If you drink a particular beer regularly, you will become aware of the variations in the taste. Take Adnams Southwold Bitter. When it is young it has a fresh clear, crisp taste. Think Peter Buck’s guitar on REM’s Shiny Happy People. As it ages it becomes more of what I think of as a woody taste, more like Spirit of the Age by Hawkwind.
Some will prefer the younger Adnams bitter whilst others would rather wait until it ages a little. So what causes the change? In simple terms oxygen is responsible for most of the alterations in flavour as beer ages. Not all are bad. The same thing happens with wine, and many connoisseurs will leave a bottle of red open for a while before drinking it. Indeed, some decanters are shaped like an inverted mushroom to allow a large surface area of liquid to come into contact with the air. The end result of the oxidation of beer and wine is vinegar. Check the supermarket shelves and see the malt, wine and cider vinegars created by this process. These are created deliberately, but the same processes are taking place in the cask of beer in the pub cellar. As liquid is drawn off, it is replaced by air causing the top layer of beer remaining in the cask to oxidise. If the cask is undisturbed this should not affect the taste as your pint is drawn from the bottom of the remaining liquid, however as the beer begins to run out, this oxidised beer taints your drink and it’s time to have a word with the barman.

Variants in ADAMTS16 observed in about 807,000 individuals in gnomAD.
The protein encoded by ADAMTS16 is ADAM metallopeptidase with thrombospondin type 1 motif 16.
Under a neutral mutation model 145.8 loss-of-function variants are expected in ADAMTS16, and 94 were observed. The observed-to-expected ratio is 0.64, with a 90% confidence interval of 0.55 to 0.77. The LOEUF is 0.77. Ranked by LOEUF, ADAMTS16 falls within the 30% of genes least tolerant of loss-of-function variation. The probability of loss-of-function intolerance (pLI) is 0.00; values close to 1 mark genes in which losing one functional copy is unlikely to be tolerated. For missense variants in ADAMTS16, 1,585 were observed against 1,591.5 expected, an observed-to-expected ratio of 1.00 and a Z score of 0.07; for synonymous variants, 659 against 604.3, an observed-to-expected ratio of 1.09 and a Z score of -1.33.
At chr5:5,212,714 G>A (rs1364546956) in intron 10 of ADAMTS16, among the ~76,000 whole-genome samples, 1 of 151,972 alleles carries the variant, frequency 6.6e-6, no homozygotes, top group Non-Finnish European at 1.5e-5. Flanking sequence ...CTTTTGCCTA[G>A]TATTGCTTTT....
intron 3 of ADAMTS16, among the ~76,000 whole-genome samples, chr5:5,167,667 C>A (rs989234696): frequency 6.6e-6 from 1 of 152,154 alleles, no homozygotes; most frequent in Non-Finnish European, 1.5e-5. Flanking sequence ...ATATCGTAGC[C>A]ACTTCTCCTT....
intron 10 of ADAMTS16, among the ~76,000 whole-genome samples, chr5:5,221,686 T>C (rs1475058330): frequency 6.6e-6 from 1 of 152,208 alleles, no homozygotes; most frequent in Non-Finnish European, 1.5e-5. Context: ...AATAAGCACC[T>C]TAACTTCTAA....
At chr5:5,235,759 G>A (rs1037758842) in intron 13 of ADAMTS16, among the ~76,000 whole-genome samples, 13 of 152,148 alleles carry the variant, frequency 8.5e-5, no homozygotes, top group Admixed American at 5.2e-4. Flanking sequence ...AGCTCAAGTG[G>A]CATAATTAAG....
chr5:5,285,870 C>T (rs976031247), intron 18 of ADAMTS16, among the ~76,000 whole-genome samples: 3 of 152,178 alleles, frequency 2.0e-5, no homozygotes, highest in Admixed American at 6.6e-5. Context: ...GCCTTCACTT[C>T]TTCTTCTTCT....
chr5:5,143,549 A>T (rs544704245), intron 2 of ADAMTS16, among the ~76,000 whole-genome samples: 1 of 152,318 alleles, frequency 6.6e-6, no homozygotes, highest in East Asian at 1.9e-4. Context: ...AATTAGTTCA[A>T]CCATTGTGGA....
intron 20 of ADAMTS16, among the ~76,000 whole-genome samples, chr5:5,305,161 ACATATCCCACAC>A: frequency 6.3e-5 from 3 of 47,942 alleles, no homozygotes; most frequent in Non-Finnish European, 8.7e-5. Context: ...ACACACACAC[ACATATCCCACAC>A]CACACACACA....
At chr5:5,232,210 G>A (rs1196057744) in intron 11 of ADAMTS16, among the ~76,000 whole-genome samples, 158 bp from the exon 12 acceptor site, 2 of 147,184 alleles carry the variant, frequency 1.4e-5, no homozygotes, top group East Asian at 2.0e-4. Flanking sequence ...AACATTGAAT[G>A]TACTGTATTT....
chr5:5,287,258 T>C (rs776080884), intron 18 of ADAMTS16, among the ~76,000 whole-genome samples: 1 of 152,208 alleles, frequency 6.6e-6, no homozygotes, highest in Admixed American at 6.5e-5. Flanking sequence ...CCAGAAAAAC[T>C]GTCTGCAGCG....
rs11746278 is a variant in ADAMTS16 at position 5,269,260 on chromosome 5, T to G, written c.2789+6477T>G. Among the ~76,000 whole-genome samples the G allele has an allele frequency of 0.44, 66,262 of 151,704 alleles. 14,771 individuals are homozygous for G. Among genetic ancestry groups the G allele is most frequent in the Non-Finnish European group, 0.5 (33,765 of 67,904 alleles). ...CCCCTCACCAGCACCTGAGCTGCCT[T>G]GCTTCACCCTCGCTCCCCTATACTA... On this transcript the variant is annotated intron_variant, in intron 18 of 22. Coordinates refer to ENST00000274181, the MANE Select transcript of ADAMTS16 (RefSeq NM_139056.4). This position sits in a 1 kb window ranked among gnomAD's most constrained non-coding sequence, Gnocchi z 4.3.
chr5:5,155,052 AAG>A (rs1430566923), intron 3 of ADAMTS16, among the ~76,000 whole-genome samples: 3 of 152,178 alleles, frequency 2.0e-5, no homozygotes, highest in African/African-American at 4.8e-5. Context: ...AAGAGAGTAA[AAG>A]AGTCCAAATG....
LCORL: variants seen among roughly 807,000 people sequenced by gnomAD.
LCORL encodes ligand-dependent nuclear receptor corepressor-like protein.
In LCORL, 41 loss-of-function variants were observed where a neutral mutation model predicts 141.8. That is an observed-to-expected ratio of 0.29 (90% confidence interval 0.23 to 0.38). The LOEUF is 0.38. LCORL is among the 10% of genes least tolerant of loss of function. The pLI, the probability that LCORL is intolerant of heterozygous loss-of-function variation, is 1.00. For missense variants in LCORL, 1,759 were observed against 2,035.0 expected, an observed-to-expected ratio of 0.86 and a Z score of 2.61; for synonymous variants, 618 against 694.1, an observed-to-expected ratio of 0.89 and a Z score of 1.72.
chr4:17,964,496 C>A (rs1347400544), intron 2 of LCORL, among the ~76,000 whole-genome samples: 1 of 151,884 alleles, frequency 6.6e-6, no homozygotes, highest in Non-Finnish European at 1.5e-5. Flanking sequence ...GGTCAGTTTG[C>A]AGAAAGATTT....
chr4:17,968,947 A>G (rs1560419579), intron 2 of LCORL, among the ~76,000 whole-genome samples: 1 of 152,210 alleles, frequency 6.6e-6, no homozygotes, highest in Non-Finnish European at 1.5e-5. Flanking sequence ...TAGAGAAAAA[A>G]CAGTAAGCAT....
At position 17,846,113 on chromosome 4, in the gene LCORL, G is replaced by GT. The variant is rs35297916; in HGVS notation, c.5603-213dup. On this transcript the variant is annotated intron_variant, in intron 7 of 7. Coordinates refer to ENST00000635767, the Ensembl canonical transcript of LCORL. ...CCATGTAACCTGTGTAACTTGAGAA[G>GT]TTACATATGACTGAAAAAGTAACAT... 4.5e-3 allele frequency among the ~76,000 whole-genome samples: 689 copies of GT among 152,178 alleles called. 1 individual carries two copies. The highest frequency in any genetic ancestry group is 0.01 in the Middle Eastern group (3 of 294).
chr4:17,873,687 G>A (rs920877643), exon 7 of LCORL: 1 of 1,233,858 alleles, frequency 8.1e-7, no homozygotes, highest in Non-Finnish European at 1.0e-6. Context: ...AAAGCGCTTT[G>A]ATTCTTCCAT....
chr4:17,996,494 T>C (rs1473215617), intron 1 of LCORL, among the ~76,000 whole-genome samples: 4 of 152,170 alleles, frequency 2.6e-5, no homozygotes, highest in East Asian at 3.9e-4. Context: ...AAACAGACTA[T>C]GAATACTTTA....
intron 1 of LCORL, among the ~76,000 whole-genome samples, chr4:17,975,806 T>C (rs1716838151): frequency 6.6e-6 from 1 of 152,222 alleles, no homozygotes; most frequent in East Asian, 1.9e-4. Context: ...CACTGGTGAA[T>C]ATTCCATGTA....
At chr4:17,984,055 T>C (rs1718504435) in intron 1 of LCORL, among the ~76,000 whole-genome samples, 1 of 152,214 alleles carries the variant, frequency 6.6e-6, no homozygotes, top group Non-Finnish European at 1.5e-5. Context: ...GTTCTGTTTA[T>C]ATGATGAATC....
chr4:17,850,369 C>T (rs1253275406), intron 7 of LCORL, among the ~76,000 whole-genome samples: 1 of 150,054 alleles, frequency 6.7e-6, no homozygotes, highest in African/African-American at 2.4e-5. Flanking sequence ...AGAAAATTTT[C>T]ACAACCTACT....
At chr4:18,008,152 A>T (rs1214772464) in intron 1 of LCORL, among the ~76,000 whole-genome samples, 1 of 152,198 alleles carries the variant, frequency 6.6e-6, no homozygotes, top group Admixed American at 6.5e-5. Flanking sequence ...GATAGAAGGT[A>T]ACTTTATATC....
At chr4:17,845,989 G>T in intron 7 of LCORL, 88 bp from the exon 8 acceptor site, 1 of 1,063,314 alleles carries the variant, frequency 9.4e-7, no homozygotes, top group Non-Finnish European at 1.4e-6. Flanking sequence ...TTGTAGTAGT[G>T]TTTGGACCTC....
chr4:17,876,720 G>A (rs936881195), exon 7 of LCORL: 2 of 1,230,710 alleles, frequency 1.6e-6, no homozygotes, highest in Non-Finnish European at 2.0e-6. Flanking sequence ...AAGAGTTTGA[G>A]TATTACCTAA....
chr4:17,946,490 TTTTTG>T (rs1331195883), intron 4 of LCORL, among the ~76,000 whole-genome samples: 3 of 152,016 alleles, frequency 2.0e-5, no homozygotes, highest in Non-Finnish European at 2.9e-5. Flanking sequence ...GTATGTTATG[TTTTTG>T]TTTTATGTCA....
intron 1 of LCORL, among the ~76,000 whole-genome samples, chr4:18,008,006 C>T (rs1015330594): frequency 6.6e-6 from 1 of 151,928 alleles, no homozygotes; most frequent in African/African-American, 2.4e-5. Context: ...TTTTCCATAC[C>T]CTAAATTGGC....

So how long will a beer last in the cellar? The rule of thumb is three days. This can vary according to a whole host of circumstances. Heat increases the rate of oxidation, so cool cellars are good. Stronger beers last longer, so mild tends to go off more quickly.
Bearing that in mind, it was slightly worrying to be offered a pint of Ruddles County for a £1 in a local bar recently. Talking to the barmaid confirmed that it was not in great condition and that she did not expect it to last more than about another week. Is it worth selling an extra couple of gallons for minimal return and losing your reputation as a seller of quality beer? There are other local pubs where I will not drink the guest beer on a Wednesday or Thursday as I know that they put them on for the weekend and by the middle of the following week, they are past their best.
It is a difficult situation for landlords, who know that some customers want different beers to try every week, but knowing that if a dud is chosen, the pub may be left with half a cask of vinegar.
What to do? I would rather see the approach of Dave at the Stuart House who will only serve a couple of good beers during quiet times and save the third hand pump for busy periods.
It is also possible to ask breweries for smaller containers, as Ingoldisthorpe Club did with their Batemans. Either way, I think trying to flog poor beer, even if it is cheap, is poor decision.